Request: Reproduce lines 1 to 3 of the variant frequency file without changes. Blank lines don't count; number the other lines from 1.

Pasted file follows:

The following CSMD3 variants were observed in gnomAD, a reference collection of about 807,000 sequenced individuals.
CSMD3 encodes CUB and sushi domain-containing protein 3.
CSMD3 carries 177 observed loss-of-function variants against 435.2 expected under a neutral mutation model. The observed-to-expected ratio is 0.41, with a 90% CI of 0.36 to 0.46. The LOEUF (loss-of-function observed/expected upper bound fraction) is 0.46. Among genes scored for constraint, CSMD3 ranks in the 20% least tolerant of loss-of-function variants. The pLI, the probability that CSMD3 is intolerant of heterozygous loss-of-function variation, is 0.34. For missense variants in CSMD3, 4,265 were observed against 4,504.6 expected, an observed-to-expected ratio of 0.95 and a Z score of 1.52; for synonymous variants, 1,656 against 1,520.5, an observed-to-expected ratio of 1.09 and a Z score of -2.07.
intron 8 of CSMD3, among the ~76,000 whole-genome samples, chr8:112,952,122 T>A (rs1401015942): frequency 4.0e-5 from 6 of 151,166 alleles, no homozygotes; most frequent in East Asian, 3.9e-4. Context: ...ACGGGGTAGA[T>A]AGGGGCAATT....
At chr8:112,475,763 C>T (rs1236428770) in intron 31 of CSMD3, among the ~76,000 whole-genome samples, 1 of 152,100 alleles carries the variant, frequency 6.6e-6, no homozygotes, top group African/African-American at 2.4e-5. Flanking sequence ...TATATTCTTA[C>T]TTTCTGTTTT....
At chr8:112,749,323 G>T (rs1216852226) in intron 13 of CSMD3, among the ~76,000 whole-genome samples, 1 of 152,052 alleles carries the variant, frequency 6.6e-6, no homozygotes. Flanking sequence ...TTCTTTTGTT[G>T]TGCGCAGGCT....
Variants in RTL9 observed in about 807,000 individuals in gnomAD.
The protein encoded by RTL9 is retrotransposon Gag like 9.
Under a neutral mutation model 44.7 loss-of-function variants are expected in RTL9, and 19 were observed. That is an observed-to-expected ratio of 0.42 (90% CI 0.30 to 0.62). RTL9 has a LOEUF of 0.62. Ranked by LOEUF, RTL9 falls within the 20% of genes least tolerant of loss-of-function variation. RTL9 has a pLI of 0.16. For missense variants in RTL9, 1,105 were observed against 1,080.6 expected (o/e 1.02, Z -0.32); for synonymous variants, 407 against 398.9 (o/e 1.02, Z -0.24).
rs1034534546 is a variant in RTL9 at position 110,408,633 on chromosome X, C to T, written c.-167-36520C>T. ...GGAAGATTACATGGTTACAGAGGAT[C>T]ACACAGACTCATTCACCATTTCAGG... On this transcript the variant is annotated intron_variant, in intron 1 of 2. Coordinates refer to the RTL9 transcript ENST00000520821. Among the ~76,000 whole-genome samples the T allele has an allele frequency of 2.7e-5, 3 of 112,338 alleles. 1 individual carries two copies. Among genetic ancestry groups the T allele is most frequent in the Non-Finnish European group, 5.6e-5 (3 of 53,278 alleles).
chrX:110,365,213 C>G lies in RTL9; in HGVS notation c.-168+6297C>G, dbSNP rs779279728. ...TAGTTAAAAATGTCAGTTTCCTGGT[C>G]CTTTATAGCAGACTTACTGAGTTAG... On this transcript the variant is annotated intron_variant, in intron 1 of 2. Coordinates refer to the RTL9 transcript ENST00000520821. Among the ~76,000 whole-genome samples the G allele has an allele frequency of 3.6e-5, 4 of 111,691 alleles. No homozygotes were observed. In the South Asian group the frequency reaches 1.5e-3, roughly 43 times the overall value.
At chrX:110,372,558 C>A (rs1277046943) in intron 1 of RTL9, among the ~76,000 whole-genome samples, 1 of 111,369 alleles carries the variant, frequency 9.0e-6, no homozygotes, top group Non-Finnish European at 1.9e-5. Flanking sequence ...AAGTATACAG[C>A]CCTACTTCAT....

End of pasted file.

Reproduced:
The following CSMD3 variants were observed in gnomAD, a reference collection of about 807,000 sequenced individuals.
CSMD3 encodes CUB and sushi domain-containing protein 3.
CSMD3 carries 177 observed loss-of-function variants against 435.2 expected under a neutral mutation model. The observed-to-expected ratio is 0.41, with a 90% CI of 0.36 to 0.46. The LOEUF (loss-of-function observed/expected upper bound fraction) is 0.46. Among genes scored for constraint, CSMD3 ranks in the 20% least tolerant of loss-of-function variants. The pLI, the probability that CSMD3 is intolerant of heterozygous loss-of-function variation, is 0.34. For missense variants in CSMD3, 4,265 were observed against 4,504.6 expected, an observed-to-expected ratio of 0.95 and a Z score of 1.52; for synonymous variants, 1,656 against 1,520.5, an observed-to-expected ratio of 1.09 and a Z score of -2.07.